The Smell of Rain.

A cold March wind danced around the dead of night in Dallas as the doctor walked into the small hospital room 
of Diana Blessing. She was still groggy from surgery. Her husband David held her hand as they braced themselves
for the latest news. That afternoon of March 10, 1991, complications has forced Diana, only 24-weeks pregnant, 
to undergo an emergency Cesarean to deliver the couples new daughter, Dana Lu Blessing.
At 12inches long and weighing only one pound nine ounces, they already knew she was perilously premature, 
Still the doctor's soft words dropped like bombs. " I don't think she's going to make it," he said, as kindly as he 
could. There's only a 10-percent chance she will live through the night, and even then, if by some slim chance she 
dos make it, her future could be a cruel one," Numb with disbelief, David and Diana listened as the doctor 
described the devastating problems Dana would likely face if she survived. She would never walk, she would 
never talk, she would probably be blind, and she would certainly be prone to other catastrophic conditions form 
cerebral palsy to complete mental retardation, and on and on.

"No! No!" was all Diana could say. She and David with their 5-year -old son Dustin, had long dreamed of the day 
they would have a daughter to become a family of four. Now, within a matter of hours, that dream was slipping 
away , But as those first days passed, a new agony set in for David and Diana, because Dana's underdeveloped 
nervous system was essentially "raw" the lightest kiss to caress only intensified her discomfort, so they couldn't 
even cradle their tiny baby girl against their chests to offer the strength of their love, All they could do as Dana 
struggled alone beneath the ultraviolet light in he tangle of tubes and wires was to pray that God would stay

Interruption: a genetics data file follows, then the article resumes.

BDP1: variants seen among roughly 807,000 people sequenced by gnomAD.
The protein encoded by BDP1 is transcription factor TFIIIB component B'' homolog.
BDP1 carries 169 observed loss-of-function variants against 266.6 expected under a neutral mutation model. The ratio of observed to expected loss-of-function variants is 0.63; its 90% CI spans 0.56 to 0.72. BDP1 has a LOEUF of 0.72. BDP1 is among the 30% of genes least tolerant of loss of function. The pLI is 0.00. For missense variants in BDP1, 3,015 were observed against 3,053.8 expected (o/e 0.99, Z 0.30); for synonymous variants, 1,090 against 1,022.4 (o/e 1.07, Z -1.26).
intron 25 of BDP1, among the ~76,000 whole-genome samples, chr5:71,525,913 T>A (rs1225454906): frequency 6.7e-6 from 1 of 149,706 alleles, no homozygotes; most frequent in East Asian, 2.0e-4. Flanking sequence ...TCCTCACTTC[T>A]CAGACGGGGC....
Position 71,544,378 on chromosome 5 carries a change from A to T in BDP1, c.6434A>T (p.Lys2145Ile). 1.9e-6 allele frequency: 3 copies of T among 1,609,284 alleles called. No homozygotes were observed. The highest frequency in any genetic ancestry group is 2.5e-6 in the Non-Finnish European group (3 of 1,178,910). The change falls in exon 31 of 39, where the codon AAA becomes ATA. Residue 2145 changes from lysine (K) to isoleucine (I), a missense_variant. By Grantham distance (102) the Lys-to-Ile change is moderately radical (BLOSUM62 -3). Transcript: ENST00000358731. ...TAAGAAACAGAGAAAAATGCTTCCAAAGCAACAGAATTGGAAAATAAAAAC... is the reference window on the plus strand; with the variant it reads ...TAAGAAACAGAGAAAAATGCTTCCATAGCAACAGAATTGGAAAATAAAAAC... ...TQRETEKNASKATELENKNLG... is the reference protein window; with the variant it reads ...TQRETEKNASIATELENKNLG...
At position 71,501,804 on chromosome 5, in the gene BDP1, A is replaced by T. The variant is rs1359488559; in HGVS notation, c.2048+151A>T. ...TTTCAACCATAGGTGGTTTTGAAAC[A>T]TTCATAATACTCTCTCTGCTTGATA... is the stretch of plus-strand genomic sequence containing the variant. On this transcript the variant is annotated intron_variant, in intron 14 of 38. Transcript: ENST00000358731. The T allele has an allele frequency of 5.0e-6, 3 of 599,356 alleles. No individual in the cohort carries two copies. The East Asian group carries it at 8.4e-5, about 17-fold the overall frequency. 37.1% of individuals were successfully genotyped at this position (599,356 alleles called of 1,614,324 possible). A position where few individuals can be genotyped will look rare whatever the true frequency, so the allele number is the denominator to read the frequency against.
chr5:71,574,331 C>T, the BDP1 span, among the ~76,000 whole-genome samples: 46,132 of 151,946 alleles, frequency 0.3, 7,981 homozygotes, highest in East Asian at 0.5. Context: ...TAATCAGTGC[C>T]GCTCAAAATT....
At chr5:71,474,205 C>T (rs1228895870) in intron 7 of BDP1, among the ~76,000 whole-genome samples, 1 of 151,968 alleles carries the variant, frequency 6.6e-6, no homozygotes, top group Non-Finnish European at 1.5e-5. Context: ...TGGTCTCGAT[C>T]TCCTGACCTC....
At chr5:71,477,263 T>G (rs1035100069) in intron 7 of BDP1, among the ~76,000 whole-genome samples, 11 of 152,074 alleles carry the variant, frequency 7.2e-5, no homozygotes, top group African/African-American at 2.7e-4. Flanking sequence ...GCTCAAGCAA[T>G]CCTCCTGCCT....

close to the precious little girl.

There was never a moment when Dana suddenly grew stronger. But as the weeks went by, she did slowly gain and 
ounce of weight here and an ounce of strength there, At last when Dana turned two months old, her parents were 
able to hold her in their arms for he very first time. And two months later, though doctors continued to gently but 
grimly warn that her chances of surviving, much less living any kind of normal life, were next to zero, Dana went home 
from the hospital, just as her mother had predicted.

Five years later, when Dana was a petite but feisty young girl with glittering gray eyes and an unquenchable zest for life,
She showed no signs whatsoever of any mental or physical impairment, Simply, she was everything a little girl can be 
and more. But that happy ending is far from the end of the story.

One blistering afternoon in the summer of 1996 near her home in Irving Texas, Dana was sitting in her mother's lap in 
the bleachers of a local ball park where her brother Dustin's baseball team was practicing. As always, Dana was 
chattering nonstop with her mother and several other adults sitting nearby when she suddenly fell silent, Hugging 
her arms across her chest, little Dana asked, "Do you smell that?" smelling the air and detecting the approach of a 
thunderstorm, Diana replied, "Yes. it smells like rain." Dana closed her eyes and again asked, "Do you smell that?" once 
again her mother replied, "Yes, I think we're about to get wet. It smells like rain." Still caught in he moment, Dana shook 
her head, patted her thin shoulders with her small hands and loudly announced, "No, it smells like Him. It smells like God 
when you lay your head on his chest. Tears blurred Diana's eyes as Dana happily hopped down to play with the other 


Before the rains came, her daughter's words confirmed what Diana and all the members of the extended 
Blessing family had known, at least in their hearts, all along. During those long days and nights of her first two months 
of her life, when her nerves were too sensitive for them to touch her, God was holding Dana on his chest and it is 
His loving scent she remembers so well.

"I can do all things in Him who strengthens me."

Sent in by N Caulfield. Wales UK

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